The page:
Reaching the Valley of the Great Salt Lake in July 1847, John Wesley remained only until August, then started back to Council Bluffs for his family. He found a daughter, Elizabeth Ann, had been born in his absence, 9 May 1847. He spent but a few weeks with his family, then went into Missouri to work all winter for money to take his family to Utah. On 9 May 1848 he started west again with his father's and his own family, reaching the Valley on 20 September of that year. it is known that his father's family( and possibly John wesley also) followed the Gold Rush to Calif, but that this was not successful and they returned. David Norton is listed in the 1850 Census of Eldorado, Calif. under occupation of hotelkeeper. John wesley began working on Public Works in Salt Lake on 8 April 1850, remaining at this until 12 April 1852. There is recored his ordination as Assistant President of the 29th Quorum of the Seventies on 11 April 1852. In 1852-53 the family is listed in the 15th Ward in Salt Lake City.

On June 1 1852, John Wesley had his wives Rebecca Ann Hammer and Martha Minerva Reynolds, sealed to him in the Endowment House. This date apparently is that of the marriage to Martha as well as the sealing. Nothing is known about the circumstances leading to the second marriage except the note: "Martha Reynolds was sealed to Lewis Dunbar Wilson in Nauvoo by President Young and she is now released by President Young because Wilson is not providing for her and has not seen her since Aug. 1846" Martha was born 3 Feb. 1828 in either Boonesville or Roy, Missouri, daughter of John and Phebe Ramsey Reynolds. She bore seven children: Albert Wesley, Riley Reynolds, Ephraim R., Martha Jane, William, Squire Taylor and Sarah May.

The next we learn of him, John Wesley is with his family in Lehi, Utah, which he is said to have helped settle, as in 1853 a Fort was constructed there lists as living on the north side, among others: Henry Norton, John W. Norton, J. Wiley Norton, Riley Judd and David Norton.(Lehi Centennial History, 1850-1950)

According to a partial history he wrote, John Wesley said, :At the Jan. Conference of the Church of Jesus Christ of Latter-Day Saints, hald at Great Salt Lake City April 6, 1855 I was called on a mission to Israel, and was blessed and set apart on Sunday, April 22, 1855 [and] I recaived my patriarchal blessing." He was set apart for a mission to the Lamanites of the White Mountion by Orson Pratt and Charles C. Rich in the Seventy's Council Hall.

No details of the mission are known, except that it was honorably filled. In fact, much of the history of John wesley is unknown to us, and we long for details which were never written down for us.

The next info. we have is that in 1859 John Wesley is listed in the Fourth Municipal Election slate in Lehi, Utah, on the Field Committee for Engineers; in the 1861 Election as an Alderman, and in the same election as being on the Building Committee. In the 1863 election he was naaaaamed sexton, and in 1865 as an Inspector of Wood. The records are incomplete since on 6 Feb. 1870 a fire in the meeting house in Lehi did much damage to the interior and it is not until after 1870 that the earliest ward records begin. Two of his children are buried in Lehi.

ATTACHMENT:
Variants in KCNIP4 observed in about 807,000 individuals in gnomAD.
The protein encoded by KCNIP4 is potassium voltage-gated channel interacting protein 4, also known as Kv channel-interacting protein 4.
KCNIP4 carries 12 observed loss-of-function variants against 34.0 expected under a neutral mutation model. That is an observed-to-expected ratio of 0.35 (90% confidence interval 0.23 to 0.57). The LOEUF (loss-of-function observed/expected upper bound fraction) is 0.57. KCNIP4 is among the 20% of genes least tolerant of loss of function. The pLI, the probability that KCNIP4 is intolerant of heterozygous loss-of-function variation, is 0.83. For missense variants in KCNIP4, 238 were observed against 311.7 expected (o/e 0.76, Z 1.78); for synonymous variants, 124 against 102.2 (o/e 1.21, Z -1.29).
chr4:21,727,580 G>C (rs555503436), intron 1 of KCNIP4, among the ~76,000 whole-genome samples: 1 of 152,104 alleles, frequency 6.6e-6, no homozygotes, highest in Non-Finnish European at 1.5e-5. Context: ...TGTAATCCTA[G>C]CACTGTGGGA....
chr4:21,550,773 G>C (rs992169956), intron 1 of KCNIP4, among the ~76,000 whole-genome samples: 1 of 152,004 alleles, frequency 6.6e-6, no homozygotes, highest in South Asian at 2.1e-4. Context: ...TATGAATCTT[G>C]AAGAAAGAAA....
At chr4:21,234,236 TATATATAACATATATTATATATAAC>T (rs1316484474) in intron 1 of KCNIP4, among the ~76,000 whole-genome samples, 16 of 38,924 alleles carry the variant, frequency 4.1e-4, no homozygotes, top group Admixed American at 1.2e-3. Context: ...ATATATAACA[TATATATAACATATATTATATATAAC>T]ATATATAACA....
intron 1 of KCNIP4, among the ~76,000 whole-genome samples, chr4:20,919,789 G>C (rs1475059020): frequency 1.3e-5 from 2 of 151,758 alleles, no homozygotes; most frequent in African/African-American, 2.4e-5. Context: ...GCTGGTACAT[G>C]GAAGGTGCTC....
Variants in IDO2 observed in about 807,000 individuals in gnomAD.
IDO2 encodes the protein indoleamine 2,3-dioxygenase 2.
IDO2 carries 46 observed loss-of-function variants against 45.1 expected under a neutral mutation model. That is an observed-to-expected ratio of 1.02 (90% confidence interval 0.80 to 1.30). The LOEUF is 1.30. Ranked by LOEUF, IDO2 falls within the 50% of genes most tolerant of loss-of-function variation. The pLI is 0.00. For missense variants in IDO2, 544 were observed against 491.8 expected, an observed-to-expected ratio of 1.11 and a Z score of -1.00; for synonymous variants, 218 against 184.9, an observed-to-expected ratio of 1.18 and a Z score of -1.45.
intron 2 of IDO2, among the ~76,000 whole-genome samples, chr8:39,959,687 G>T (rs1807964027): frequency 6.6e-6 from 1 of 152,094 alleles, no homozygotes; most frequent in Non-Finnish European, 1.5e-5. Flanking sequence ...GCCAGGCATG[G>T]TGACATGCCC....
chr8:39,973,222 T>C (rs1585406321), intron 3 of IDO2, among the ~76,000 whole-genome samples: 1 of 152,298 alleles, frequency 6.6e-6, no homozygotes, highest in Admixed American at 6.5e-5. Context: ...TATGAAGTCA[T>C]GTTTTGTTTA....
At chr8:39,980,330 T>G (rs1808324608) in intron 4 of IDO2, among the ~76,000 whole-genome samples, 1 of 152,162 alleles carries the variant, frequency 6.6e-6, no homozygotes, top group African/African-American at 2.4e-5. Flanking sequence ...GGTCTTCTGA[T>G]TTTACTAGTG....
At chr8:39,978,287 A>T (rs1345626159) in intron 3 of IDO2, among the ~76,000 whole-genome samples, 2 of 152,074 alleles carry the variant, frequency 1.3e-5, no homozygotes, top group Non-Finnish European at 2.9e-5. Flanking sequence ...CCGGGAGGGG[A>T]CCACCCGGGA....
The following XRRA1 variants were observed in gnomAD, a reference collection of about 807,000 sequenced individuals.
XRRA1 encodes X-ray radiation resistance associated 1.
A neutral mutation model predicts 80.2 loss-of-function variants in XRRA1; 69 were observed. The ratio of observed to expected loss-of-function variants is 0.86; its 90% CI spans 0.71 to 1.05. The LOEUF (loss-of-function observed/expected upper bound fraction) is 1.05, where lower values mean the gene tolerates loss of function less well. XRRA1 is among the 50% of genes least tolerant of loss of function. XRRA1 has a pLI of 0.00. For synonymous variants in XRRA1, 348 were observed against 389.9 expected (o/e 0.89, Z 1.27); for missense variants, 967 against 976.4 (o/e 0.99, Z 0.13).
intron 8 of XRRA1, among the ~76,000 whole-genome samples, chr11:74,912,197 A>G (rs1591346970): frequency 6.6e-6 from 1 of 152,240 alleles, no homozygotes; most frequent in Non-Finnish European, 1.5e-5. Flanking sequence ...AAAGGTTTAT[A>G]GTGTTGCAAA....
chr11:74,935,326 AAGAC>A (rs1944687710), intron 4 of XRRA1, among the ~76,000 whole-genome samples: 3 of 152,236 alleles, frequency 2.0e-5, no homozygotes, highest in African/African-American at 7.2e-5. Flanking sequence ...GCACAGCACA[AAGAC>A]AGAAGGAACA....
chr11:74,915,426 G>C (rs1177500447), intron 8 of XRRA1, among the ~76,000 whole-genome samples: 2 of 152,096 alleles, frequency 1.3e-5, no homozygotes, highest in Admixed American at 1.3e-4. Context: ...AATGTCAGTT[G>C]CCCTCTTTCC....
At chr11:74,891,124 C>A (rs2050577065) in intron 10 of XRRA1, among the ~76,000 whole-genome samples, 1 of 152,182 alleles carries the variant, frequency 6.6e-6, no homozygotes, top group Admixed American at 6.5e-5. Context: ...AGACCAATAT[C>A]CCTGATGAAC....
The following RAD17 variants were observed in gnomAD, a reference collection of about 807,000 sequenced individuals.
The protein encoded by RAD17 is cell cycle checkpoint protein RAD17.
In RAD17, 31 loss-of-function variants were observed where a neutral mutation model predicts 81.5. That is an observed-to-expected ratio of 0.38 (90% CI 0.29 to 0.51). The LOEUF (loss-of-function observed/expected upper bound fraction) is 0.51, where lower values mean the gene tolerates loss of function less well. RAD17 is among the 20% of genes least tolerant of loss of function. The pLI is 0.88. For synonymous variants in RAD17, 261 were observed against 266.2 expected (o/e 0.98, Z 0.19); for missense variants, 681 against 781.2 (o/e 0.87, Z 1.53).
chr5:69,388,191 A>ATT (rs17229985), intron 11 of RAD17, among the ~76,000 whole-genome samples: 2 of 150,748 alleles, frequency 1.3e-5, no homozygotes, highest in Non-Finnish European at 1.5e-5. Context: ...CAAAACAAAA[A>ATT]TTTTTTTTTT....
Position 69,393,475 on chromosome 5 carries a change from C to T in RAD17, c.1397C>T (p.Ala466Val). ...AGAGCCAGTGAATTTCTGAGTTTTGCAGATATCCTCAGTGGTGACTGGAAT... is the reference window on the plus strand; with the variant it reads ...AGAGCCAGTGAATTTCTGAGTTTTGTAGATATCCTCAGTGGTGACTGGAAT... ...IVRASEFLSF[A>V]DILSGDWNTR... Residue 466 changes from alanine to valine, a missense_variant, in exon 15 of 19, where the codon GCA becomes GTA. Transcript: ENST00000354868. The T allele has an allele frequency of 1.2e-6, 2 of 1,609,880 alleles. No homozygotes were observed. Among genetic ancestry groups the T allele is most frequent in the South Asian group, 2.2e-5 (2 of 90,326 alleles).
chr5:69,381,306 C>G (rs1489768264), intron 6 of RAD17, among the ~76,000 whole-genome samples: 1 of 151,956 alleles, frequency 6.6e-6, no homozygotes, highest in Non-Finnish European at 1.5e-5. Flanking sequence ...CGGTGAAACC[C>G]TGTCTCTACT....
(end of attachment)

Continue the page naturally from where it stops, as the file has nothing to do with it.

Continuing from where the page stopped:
In 1865 he received a call to assist in strengthening the settlements in Southern Utah, and the fall of that year saw the family traveling south to Panaca, Nevada, where they camped in wagons that first winter and following summer. John Wesley worked to help duild a fort as protection against the Indians. He acted as Sheriff and also postmaster for a number of years.

In 1871 he joined a company led by George W. Sevey to resettle Panguitch, Utah. He lived with the others for some time in the fort constructed there. While in Panguitch he was senior president of the 86th Quorum of the Seventy; he served as postmaster from May 27 1878 until Dec. 7 1881, and was also appointed a Justice of the Peace in 1871. His trade was blacksmithand wheelwright, and he worked at these until in later years he was afflicted with rheumatism.

John Wesley answered to an indictment in District Court for unlawful cohabitation, but was allowed to return to his home with a verdict of "Not Guilty." He lived peacefully with two wives, both of whom preceded him in death, Rebecca on 9 Feb. 1900 and Martha on 23 Feb. 1901. Merritt L. Norton, a grandson, recalls visiting the home when he was a boy about ten, and of the beautiful harmony there.

"I thought I would write you aa few lines to let you know that I was on the land and among the living, and that I was one of the 144 men that helped blaze the route from civilization across the planes in 1847 to Salt Lake Valley. I arrived in the Valley July 24, 1847. I am getting old and feeble, yet I have a disire of commemorating the day with my Brethern on the 50th year of our arrival in the Valley.

"I am 76 years old aaand crippled with rheumatics in my knee, but sound in body, and if the way will be opened I want to come to Salt Lake City and have a good time with the heroes of 1847. My means is limited, my clothing is getting quite old and worse for wear, I have no means to pay for my passage. I have two ladies that would like to visit there old pioneer home. Please correspond with me if you have the time and let me know how the public is prospering."

John Wesley Norton died 20 Oct. 1901 Panguitch, Garfield County, Utah, where he is buried. He was aged 80 years 11 months 14 days. He had had six boys and five girls and 55 grandchildren and was a most respected citizen, patient and cheerful with his physical disabilites. Funeral services were held on 22 Oct. at 10:00 a.m. Speakers were Elder M.M. Steele, Joseph Haywood and Allen Miller. John Wesley Norton was a pioneer of whom his descendants can justly be proud.